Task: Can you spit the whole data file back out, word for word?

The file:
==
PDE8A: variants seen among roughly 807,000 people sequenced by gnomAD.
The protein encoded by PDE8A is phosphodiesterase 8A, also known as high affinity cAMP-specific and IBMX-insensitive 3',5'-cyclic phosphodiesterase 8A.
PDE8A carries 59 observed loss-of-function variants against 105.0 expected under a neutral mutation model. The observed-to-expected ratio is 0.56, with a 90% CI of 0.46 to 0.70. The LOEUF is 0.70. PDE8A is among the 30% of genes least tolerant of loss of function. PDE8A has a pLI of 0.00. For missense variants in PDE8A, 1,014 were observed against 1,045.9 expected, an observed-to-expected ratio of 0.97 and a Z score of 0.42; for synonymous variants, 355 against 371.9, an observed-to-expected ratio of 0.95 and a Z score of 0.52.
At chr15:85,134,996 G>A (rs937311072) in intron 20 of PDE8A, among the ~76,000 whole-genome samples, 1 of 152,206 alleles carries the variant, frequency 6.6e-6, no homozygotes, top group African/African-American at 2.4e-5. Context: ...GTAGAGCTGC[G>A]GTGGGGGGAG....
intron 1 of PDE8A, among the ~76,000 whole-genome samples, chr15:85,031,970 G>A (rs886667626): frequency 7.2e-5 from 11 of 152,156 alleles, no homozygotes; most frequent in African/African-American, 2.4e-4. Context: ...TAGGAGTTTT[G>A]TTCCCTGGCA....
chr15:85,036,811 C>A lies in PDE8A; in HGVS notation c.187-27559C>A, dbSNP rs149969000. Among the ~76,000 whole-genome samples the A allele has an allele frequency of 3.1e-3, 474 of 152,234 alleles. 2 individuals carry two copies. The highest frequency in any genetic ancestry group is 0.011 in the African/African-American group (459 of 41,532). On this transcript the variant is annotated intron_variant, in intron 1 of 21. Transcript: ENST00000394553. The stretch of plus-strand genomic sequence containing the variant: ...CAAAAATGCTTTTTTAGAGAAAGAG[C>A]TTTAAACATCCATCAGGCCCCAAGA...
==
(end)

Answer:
PDE8A: variants seen among roughly 807,000 people sequenced by gnomAD.
The protein encoded by PDE8A is phosphodiesterase 8A, also known as high affinity cAMP-specific and IBMX-insensitive 3',5'-cyclic phosphodiesterase 8A.
PDE8A carries 59 observed loss-of-function variants against 105.0 expected under a neutral mutation model. The observed-to-expected ratio is 0.56, with a 90% CI of 0.46 to 0.70. The LOEUF is 0.70. PDE8A is among the 30% of genes least tolerant of loss of function. PDE8A has a pLI of 0.00. For missense variants in PDE8A, 1,014 were observed against 1,045.9 expected, an observed-to-expected ratio of 0.97 and a Z score of 0.42; for synonymous variants, 355 against 371.9, an observed-to-expected ratio of 0.95 and a Z score of 0.52.
At chr15:85,134,996 G>A (rs937311072) in intron 20 of PDE8A, among the ~76,000 whole-genome samples, 1 of 152,206 alleles carries the variant, frequency 6.6e-6, no homozygotes, top group African/African-American at 2.4e-5. Context: ...GTAGAGCTGC[G>A]GTGGGGGGAG....
intron 1 of PDE8A, among the ~76,000 whole-genome samples, chr15:85,031,970 G>A (rs886667626): frequency 7.2e-5 from 11 of 152,156 alleles, no homozygotes; most frequent in African/African-American, 2.4e-4. Context: ...TAGGAGTTTT[G>A]TTCCCTGGCA....
chr15:85,036,811 C>A lies in PDE8A; in HGVS notation c.187-27559C>A, dbSNP rs149969000. Among the ~76,000 whole-genome samples the A allele has an allele frequency of 3.1e-3, 474 of 152,234 alleles. 2 individuals carry two copies. The highest frequency in any genetic ancestry group is 0.011 in the African/African-American group (459 of 41,532). On this transcript the variant is annotated intron_variant, in intron 1 of 21. Transcript: ENST00000394553. The stretch of plus-strand genomic sequence containing the variant: ...CAAAAATGCTTTTTTAGAGAAAGAG[C>A]TTTAAACATCCATCAGGCCCCAAGA...